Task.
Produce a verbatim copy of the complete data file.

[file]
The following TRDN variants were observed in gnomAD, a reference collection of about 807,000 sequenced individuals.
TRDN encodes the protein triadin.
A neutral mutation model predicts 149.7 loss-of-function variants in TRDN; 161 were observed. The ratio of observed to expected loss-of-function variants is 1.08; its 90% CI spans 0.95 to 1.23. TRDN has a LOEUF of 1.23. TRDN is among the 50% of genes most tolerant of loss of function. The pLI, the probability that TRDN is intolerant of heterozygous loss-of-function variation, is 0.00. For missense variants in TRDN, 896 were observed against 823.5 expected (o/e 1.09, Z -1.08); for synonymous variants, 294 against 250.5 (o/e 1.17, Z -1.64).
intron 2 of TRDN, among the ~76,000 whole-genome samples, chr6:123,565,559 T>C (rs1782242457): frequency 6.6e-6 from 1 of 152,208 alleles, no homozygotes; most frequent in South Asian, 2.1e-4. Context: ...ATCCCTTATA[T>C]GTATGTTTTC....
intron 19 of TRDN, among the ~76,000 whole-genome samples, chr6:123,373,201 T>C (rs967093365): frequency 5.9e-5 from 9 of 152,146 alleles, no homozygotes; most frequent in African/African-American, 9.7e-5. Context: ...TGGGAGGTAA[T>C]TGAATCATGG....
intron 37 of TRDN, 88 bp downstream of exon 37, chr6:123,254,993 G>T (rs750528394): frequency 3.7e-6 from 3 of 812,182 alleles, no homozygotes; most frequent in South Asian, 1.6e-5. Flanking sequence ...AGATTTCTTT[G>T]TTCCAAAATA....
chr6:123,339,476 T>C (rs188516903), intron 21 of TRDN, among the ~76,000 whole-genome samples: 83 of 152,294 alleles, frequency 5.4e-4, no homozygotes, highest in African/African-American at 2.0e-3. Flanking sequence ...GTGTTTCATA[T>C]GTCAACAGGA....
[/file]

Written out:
The following TRDN variants were observed in gnomAD, a reference collection of about 807,000 sequenced individuals.
TRDN encodes the protein triadin.
A neutral mutation model predicts 149.7 loss-of-function variants in TRDN; 161 were observed. The ratio of observed to expected loss-of-function variants is 1.08; its 90% CI spans 0.95 to 1.23. TRDN has a LOEUF of 1.23. TRDN is among the 50% of genes most tolerant of loss of function. The pLI, the probability that TRDN is intolerant of heterozygous loss-of-function variation, is 0.00. For missense variants in TRDN, 896 were observed against 823.5 expected (o/e 1.09, Z -1.08); for synonymous variants, 294 against 250.5 (o/e 1.17, Z -1.64).
intron 2 of TRDN, among the ~76,000 whole-genome samples, chr6:123,565,559 T>C (rs1782242457): frequency 6.6e-6 from 1 of 152,208 alleles, no homozygotes; most frequent in South Asian, 2.1e-4. Context: ...ATCCCTTATA[T>C]GTATGTTTTC....
intron 19 of TRDN, among the ~76,000 whole-genome samples, chr6:123,373,201 T>C (rs967093365): frequency 5.9e-5 from 9 of 152,146 alleles, no homozygotes; most frequent in African/African-American, 9.7e-5. Context: ...TGGGAGGTAA[T>C]TGAATCATGG....
intron 37 of TRDN, 88 bp downstream of exon 37, chr6:123,254,993 G>T (rs750528394): frequency 3.7e-6 from 3 of 812,182 alleles, no homozygotes; most frequent in South Asian, 1.6e-5. Flanking sequence ...AGATTTCTTT[G>T]TTCCAAAATA....
chr6:123,339,476 T>C (rs188516903), intron 21 of TRDN, among the ~76,000 whole-genome samples: 83 of 152,294 alleles, frequency 5.4e-4, no homozygotes, highest in African/African-American at 2.0e-3. Flanking sequence ...GTGTTTCATA[T>C]GTCAACAGGA....